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How proportional are the ‘British AMS’ systems?

Dunleavy, Patrick ORCID: 0000-0002-2650-6398 and Margetts, Helen (2004) How proportional are the ‘British AMS’ systems? Representation, 40 (4). pp. 317-329. ISSN 0034-4893

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The battle to introduce proportional representation into the UK has reached an uneasy draw, with PR systems apparently well-established in the two devolved nations, Scotland and Wales, as well as in the Greater London Assembly (GLA). These three systems are the most important mainland ones and share some common institutional features. In addition Northern Ireland has a well-established tradition of using the Single Transferable Vote (STV) for its distinctive party system. New institutional forms also remain possible locales for an extension of PR systems. The GLA pattern will be replicated in any English regional assemblies established in the next two years. Scottish local government may shift over to STV elections. And if direct elections for the House of Lords are ever brought in, some form of PR seems inevitable (see Dunleavy and Margetts, 1999b). So the UK has decisively entered on a possibly protracted phase of co-existence between PR and plurality rule elections, of which the core are the three British AMS systems. Here we examine how they have fared in terms of delivering proportional results, representing the votes cast by electors without artificial distortion, and reflecting or distorting the pattern of alignments. We sketch the devolved systems key features and examine how deviations from proportionality might be applied to them. The experience of British AMS systems so far has some key implications for the future reform of Westminster voting system.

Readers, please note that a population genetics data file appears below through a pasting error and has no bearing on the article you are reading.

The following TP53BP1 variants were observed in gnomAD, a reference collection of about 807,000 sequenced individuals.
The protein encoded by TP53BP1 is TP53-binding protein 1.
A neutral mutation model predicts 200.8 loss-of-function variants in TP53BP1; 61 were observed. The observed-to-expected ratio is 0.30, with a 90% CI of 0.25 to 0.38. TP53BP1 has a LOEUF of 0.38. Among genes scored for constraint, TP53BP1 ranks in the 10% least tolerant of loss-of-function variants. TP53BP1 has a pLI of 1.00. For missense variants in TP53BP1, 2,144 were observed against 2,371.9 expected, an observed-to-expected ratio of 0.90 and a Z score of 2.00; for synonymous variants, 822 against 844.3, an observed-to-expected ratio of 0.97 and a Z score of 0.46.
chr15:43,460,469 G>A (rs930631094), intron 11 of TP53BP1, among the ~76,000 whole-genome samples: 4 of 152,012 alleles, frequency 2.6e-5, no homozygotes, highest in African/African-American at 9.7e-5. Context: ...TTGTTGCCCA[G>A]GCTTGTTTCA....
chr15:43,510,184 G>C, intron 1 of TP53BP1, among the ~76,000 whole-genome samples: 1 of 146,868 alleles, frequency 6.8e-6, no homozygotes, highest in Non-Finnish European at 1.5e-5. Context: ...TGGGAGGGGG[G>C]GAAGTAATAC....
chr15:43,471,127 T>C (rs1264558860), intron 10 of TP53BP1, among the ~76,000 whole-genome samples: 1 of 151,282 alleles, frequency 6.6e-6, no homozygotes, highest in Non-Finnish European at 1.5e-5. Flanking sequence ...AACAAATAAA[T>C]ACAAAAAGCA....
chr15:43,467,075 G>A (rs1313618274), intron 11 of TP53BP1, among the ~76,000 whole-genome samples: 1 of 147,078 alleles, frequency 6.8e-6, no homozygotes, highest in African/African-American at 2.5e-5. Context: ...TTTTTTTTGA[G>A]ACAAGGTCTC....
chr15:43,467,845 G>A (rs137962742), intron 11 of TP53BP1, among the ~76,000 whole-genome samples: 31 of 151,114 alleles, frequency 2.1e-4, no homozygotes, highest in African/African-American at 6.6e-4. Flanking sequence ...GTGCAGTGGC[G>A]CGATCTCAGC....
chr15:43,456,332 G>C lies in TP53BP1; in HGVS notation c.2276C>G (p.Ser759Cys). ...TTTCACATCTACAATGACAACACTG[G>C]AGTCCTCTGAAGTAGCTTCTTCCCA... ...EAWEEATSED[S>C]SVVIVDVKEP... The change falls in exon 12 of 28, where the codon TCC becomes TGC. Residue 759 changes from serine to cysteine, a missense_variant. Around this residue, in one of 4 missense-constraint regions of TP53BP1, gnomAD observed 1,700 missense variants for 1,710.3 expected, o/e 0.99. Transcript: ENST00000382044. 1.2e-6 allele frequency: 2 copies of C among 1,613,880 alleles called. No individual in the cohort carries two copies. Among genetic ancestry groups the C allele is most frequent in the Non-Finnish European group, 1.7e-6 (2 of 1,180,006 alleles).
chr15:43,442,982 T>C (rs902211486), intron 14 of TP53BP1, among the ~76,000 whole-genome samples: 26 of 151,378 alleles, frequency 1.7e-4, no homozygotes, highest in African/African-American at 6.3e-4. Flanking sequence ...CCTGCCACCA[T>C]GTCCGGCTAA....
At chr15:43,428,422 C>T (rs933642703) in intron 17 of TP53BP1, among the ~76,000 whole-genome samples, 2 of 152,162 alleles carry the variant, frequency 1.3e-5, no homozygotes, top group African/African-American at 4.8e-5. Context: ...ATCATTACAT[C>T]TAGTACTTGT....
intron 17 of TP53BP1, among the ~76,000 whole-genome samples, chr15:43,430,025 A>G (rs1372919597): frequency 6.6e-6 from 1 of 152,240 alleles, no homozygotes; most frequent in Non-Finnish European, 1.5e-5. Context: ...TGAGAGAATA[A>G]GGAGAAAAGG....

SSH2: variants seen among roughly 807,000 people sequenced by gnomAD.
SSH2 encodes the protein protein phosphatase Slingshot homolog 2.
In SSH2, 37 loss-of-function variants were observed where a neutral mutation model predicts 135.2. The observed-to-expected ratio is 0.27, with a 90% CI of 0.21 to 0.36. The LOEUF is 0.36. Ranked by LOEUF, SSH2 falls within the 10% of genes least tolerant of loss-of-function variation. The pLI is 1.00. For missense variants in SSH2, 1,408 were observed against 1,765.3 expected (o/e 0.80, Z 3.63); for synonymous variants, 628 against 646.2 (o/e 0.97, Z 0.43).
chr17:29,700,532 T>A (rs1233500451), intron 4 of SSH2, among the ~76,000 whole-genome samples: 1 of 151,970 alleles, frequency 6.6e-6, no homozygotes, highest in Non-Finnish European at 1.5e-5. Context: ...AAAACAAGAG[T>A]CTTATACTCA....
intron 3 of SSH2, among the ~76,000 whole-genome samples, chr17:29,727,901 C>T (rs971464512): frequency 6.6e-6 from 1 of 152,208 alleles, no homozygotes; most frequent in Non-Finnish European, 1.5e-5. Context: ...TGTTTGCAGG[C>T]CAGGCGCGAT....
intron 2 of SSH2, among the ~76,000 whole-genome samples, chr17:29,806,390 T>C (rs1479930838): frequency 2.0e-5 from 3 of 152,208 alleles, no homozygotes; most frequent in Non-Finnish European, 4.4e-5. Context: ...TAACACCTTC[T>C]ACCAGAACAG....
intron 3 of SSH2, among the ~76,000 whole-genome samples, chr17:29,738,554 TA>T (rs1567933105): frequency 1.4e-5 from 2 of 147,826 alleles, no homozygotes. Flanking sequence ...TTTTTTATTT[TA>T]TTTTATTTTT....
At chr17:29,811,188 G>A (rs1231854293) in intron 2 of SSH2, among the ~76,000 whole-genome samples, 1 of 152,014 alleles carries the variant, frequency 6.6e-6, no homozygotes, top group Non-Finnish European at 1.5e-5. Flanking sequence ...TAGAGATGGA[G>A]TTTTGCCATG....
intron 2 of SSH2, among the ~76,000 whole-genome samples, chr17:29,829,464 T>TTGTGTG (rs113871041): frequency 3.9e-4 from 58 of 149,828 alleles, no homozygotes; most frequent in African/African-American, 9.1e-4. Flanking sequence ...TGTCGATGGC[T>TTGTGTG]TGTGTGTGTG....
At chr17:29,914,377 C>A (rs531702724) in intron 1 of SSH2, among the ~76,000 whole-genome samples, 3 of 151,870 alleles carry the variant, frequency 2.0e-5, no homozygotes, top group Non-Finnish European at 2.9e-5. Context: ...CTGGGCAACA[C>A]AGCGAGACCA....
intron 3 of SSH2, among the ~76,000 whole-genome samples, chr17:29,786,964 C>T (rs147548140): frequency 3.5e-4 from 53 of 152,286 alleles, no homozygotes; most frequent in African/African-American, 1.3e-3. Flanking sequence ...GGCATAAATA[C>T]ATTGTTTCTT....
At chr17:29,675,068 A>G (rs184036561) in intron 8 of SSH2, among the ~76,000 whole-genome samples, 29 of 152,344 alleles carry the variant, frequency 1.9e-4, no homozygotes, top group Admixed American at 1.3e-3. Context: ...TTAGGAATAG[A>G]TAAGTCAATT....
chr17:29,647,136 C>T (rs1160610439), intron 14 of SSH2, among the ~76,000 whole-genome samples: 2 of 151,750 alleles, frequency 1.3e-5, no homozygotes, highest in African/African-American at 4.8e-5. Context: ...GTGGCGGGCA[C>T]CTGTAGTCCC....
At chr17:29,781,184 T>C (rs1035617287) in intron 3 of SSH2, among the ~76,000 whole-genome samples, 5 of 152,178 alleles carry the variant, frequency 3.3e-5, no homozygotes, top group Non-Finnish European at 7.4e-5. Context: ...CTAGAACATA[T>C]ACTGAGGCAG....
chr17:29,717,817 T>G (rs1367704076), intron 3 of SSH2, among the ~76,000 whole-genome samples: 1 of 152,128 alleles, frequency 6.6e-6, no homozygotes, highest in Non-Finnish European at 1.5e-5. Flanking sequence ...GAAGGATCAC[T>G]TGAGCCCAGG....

Item Type: Article
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Additional Information: Reproduced by kind permission of Representation: The Journal of Representative Democracy, published by the McDougall Trust, London. LSE has developed LSE Research Online so that users may access research output of the School. Copyright and Moral Rights for the papers on this site are retained by the individual authors and/or other copyright owners. Users may download and/or print one copy of any article(s) in LSE Research Online to facilitate their private study or for non-commercial research. You may not engage in further distribution of the material or use it for any profit-making activities or any commercial gain. You may freely distribute the URL (<>) of the LSE Research Online website.
Divisions: Government
Public Policy Group
Subjects: J Political Science > JA Political science (General)
Date Deposited: 23 Jun 2006
Last Modified: 10 Jun 2024 01:57

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